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Signs warning of prohibited activities; an example of social control

Social control includes social mechanisms that regulate individual and group behavior, leading to conformity and compliances to the rules of a given society or social group. Many mechanisms of social control are cross-cultural, if only in the control mechanisms used to prevent the establishment of chaos or anomie. Some theorists, such as Emile Durkheim, refer to this form of control as regulation. Sociologists identify two basic forms of social controls

  1. Internalization of norms and values, and
  2. The use of sanctions, which can be either positive (rewards) or negative (punishment).[1]

Social control theory began to be studied as a separate field in the early 20th century. Sociologist Edward A. Ross argued that belief systems exert a greater control on human behavior than specific laws, no matter what form the beliefs take. The means to enforce social control can thus be either formal or informal.[2]

Contents

Informal social control

The social values that are present in individuals are products of informal social control. It is exercised by a society without explicitly stating these rules and is expressed through customs, norms, and mores. Individuals are socialized whether consciously or subconsciously. During informal sanctions, ridicule or ostracization can cause a straying towards norms.

Through this form of socialization, the person internalizes these mores and norms. Traditional society uses mostly informal social control embedded in its customary culture relying on the socialization of its members to establish social order. Religion is thought of by some as a common and historically established form of informal social control. More rigidly-structured societies may place increased reliance on formal mechanisms.

Informal sanctions may include shame, ridicule, sarcasm, criticism and disapproval. In extreme cases sanctions may include social discrimination and exclusion. This implied social control usually has more effect on individuals because they become internalized and thus an aspect of personality.

As with formal controls, informal controls reward or punish acceptable or unacceptable behaviour (i.e., deviance). Informal controls are varied and differ from individual to individual, group to group and society to society. For example, at a women's institute meeting, a disapproving look might convey the message that it is inappropriate to flirt with the minister. In a criminal gang, on the other hand, a stronger sanction applies in the case of someone threatening to inform to the police.[3]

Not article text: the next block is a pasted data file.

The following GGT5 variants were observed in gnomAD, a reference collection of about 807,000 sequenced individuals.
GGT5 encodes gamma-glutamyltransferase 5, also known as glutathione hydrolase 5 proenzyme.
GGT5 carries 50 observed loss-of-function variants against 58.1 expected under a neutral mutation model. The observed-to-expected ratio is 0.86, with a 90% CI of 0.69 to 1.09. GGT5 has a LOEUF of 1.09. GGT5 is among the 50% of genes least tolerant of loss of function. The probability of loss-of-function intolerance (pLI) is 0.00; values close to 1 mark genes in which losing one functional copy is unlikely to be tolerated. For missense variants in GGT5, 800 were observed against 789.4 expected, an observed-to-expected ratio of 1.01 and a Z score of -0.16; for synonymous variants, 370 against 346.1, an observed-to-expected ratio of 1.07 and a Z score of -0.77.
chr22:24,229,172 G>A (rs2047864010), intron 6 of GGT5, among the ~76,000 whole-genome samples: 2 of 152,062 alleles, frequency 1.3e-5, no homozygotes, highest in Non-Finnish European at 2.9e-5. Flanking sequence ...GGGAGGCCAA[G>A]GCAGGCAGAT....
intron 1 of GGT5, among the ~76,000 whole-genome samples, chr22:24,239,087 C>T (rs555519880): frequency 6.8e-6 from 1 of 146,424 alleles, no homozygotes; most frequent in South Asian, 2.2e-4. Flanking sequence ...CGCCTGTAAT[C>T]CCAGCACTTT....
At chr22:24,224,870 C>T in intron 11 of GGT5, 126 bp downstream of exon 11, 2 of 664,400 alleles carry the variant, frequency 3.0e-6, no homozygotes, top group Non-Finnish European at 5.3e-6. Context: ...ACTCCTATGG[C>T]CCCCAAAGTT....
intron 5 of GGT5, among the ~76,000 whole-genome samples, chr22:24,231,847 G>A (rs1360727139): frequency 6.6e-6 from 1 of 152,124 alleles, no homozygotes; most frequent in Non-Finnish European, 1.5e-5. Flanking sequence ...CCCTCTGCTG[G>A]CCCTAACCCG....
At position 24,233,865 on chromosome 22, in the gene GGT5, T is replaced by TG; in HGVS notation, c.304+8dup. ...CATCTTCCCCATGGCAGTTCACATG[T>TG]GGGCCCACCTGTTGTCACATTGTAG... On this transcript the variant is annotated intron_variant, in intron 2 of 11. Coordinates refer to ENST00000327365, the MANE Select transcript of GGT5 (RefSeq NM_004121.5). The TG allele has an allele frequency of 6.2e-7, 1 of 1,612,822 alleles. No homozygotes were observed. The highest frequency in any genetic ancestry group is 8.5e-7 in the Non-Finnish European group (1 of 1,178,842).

Formal social control

Formal social control is expressed through law as statutes, rules, and regulations against deviant behavior. It is conducted by government and organizations using law enforcement mechanisms and other formal sanctions such as fines and imprisonment.[2] In democratic societies the goals and mechanisms of formal social control are determined through legislation by elected representatives and thus enjoy a measure of support from the population and voluntary compliance.

Applications of social control theory

According to the propaganda model theory, the leaders of modern, corporate-dominated societies employ indoctrination as a means of social control. Theorists such as Noam Chomsky have argued that systematic bias exists in the modern media.[4] The marketing, advertising, and public relations industries have thus been said to utilize mass communications to aid the interests of certain business elites. Powerful economic and religious lobbyists have often used school systems and centralised electronic communications to influence public opinion. Democracy is restricted as the majority is not given the information necessary to make rational decisions about ethical, social, environmental, or economic issues.

To maintain control and regulate their subjects, authoritarian organizations and governments promulgate rules and issue decrees. However, due to a lack of popular support for enforcement, these entities may rely more on force and other severe sanctions such as censorship, expulsion and limits on political freedom. Some totalitarian governments, such as the late Soviet Union or the current North Korea, rely on the mechanisms of the police state.

Sociologists consider informal means of social control vital in maintaining public order, but also recognize the necessity of formal means as societies become more complex and for responding to emergencies. The study of social control falls primarily within the academic disciplines of anthropology, political science, and sociology.

The continual application of low-level fear, as in mass surveillance or an electronic police state also exerts a powerful coercive force upon a populace.

See also

Notes

  1. ^ Jary, David; Jary, Julia (1991), The HarperCollins Dictionary of Sociology, New York: HarperCollins, ISBN 0064610365  
  2. ^ a b Poore, S. Overview of Social Control Theories. The Hewett School. Retrieved on: September 2, 2007.
  3. ^ Livesay, Chris, "Informal Social Control", Culture and Identity (Sociology Central), http://www.sociology.org.uk/p2s5an4.htm, retrieved 2007-09-08  
  4. ^ Chomsky, Noam; Herman, Edward (1988), Manufacturing Consent: The Political Economy of the Mass Media, New York: Pantheon, ISBN 0-679-72034-0  

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